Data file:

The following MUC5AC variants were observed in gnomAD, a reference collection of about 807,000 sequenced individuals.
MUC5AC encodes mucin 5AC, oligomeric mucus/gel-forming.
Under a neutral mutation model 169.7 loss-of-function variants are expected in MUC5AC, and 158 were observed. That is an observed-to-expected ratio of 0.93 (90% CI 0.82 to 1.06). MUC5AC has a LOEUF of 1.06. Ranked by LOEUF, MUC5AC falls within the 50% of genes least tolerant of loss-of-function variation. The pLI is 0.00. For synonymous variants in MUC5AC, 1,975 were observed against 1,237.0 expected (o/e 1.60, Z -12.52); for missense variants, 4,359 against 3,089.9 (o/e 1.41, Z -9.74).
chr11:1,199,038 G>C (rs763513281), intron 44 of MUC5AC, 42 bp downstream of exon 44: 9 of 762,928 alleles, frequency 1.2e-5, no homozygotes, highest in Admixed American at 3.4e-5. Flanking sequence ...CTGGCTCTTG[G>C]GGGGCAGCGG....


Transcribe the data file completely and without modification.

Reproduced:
The following MUC5AC variants were observed in gnomAD, a reference collection of about 807,000 sequenced individuals.
MUC5AC encodes mucin 5AC, oligomeric mucus/gel-forming.
Under a neutral mutation model 169.7 loss-of-function variants are expected in MUC5AC, and 158 were observed. That is an observed-to-expected ratio of 0.93 (90% CI 0.82 to 1.06). MUC5AC has a LOEUF of 1.06. Ranked by LOEUF, MUC5AC falls within the 50% of genes least tolerant of loss-of-function variation. The pLI is 0.00. For synonymous variants in MUC5AC, 1,975 were observed against 1,237.0 expected (o/e 1.60, Z -12.52); for missense variants, 4,359 against 3,089.9 (o/e 1.41, Z -9.74).
chr11:1,199,038 G>C (rs763513281), intron 44 of MUC5AC, 42 bp downstream of exon 44: 9 of 762,928 alleles, frequency 1.2e-5, no homozygotes, highest in Admixed American at 3.4e-5. Flanking sequence ...CTGGCTCTTG[G>C]GGGGCAGCGG....